Strawberry season is underway and we can’t get enough! Last year we discovered Holland Bottom Farm…a family owned and operated fruit and vegetable farm in Cabot, Arkansas, that hands-down has the best fresh strawberries I have ever tasted. Their website advertises the sweetest strawberries in the state, and they aren’t lying!
If you follow Holland Bottom Farm on social media you’ll notice that strawberry lovers from all over the state make the trek to Cabot in hopes of getting dibs on some of the famous berries, but often the supply runs out before the demand is met. As a result, vehicles will start arriving before the farm opens up and lines start forming an hour or so in advance. Last spring, I did the same. But, boy was it worth the wait!
Here we are at strawberry season again and I have hopes of getting more than I did last year so we can enjoy them as long as possible. I’ve been researching the best way to store, preserve and enjoy fresh strawberries so I can make the most of the short harvesting season. Below are five helpful tips I’ve learned about getting the most out of my fresh strawberry bounty. I hope you find them helpful!
If you have any tips or tricks to share, I’d love to hear them. Feel free to comment below.
1. When and How to Wash Strawberries
Some swear by soaking strawberries in vinegar and water before eating, but did you know that strawberries are extremely porous? Soaking the berries will dilute their natural sweetness and result in a mild flavored fruit.
“Strawberries are frighteningly like sponges—they tend to soak up as much water as they can get into contact with. The primary rule about washing strawberries is simple: wash strawberries when, and only when, you’re ready to eat or cook with them,” says Molly Watson of The Spruce Eats.
When you’re ready to eat the fresh strawberries, place them in a colander and rinse them thoroughly, but quickly, with cold water. Place them on a dry, clean dish towel and pat them dry.
2. Where to Buy Fresh Strawberries
Local farmers markets, orchards and berry farms are a great place to find the best strawberries! Grocery store berries are usually picked and allowed to ripen off the plant. Most locally sourced berries are allowed to ripen on the plant before being picked. Another plus for purchasing berries locally is that you will know if pesticides were used on your berries and if they were grown organically. Don’t be afraid to ask questions when buying strawberries! Make sure you know what you’re consuming and how it was grown.
3. How to Cut Strawberries
It’s a common practice to cut the cap and tip off of strawberries before using them, but doing so causes you to miss out on the most flavorful part of the ruby berry. Did you know that the tip of the strawberry contains the most flavor? Gravity is a the reason behind the flavorful tip, according to Taste of Home.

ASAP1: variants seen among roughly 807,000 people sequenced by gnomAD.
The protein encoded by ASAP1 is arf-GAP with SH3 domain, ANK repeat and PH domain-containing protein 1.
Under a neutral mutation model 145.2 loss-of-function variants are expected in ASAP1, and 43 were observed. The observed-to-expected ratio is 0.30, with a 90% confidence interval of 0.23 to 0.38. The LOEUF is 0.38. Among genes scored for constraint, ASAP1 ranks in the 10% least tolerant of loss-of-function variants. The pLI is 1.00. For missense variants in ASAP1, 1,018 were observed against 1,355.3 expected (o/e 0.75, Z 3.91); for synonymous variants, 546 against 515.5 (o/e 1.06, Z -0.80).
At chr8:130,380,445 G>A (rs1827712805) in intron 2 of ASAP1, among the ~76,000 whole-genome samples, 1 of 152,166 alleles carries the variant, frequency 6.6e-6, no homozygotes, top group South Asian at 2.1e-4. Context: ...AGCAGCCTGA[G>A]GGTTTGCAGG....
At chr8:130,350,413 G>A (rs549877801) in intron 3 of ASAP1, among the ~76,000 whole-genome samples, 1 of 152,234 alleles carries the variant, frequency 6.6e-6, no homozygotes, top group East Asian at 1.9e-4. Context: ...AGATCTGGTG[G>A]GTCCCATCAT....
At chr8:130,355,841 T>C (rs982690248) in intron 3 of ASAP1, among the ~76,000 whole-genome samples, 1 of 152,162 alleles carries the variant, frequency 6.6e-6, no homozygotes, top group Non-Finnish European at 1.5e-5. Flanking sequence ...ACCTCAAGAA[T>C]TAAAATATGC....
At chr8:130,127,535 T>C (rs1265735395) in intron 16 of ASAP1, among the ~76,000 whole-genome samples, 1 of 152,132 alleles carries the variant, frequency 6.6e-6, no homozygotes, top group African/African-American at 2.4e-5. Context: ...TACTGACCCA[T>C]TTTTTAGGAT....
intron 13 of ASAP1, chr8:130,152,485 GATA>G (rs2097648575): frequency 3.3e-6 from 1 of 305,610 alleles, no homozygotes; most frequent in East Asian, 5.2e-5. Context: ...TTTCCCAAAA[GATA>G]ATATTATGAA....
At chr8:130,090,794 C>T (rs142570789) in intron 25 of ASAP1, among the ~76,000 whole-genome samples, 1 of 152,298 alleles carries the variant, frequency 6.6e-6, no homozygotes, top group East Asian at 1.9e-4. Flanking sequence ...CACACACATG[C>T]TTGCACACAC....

“As the ripening berry hangs by the cap on its stem, gravity pulls naturally occurring sugars down into the tip. This makes the strawberry tip the sweetest, choicest part,” says Taste of Home.
The site also suggests cutting the strawberries vertically from cap to tip before freezing or eating so that each bite has some of the sweetest part.
4. How to Freeze Strawberries
Unfortunately, fresh strawberries have a minimal shelf life. Strawberries picked at the peak of ripeness may last only a day or two at room temp, and up to 5 days if stored in the refrigerator. Thankfully I have a house full of strawberry lovers and we rarely have berries go to waste. But, when we have an abundance of strawberries on hand I enjoy using some for desserts, but make sure I put plenty in the freezer to make into jam or smoothies.
One of the best tips I’ve ever been told about freezing strawberries came from my sweet friend, the Jelly Queen herself, Donna Collins. Donna is an award-winning jelly connoisseur and owner of a Dallas-area-based jelly shop that is too adorable for words!
When I started making jams and jellies during strawberry season last year, Donna told me her secret to getting the most flavor out of the berries and guaranteeing a flavor-filled jam. With Donna’s permission I’m sharing that secret with you! She suggests putting the entire flat of strawberries (or any other fruit) directly in the freezer as soon as possible. By doing so, the juice is locked into the berry and yields plenty of juice when making into jam or jelly. Make sure you freeze the fruit for at least 24 hours before making into jam.
Another advantage to freezing fresh berries whole is that it makes it a breeze to remove the cap when the strawberry is frozen. No need to cut the tops off of the berries before freezing! I froze several gallons of strawberries this way last year and my kids were in heaven when they could grab a handful, break the green top off, and toss them into smoothies.
5. How to Bake With Strawberries
This post wouldn’t be complete without links to some of my family’s favorite strawberry dessert recipes. From Strawberry Brown Sugar Upside-Down Cake to Strawberry Cobbler, the possibilities are endless. Check out some of our go-to strawberry dessert recipes below. Click on the recipe photo for the recipe.
30-Minute Skillet Gnocchi Lasagna
ULTIMATE Copycat Restaurant Spinach Queso
How to Make Crack BLT Skillet Totchos
How To Make Lunch Lady Brownies
How To Make Ranch Style JOHN WAYNE CASSEROLE
You Can Make Whipped Hot Chocolate...Three Ways!
How to Make Honeycomb Toffee (aka Sponge Candy)
How to Make Old-Fashioned Divinity
Johnny Cash's Mom's Pineapple Pie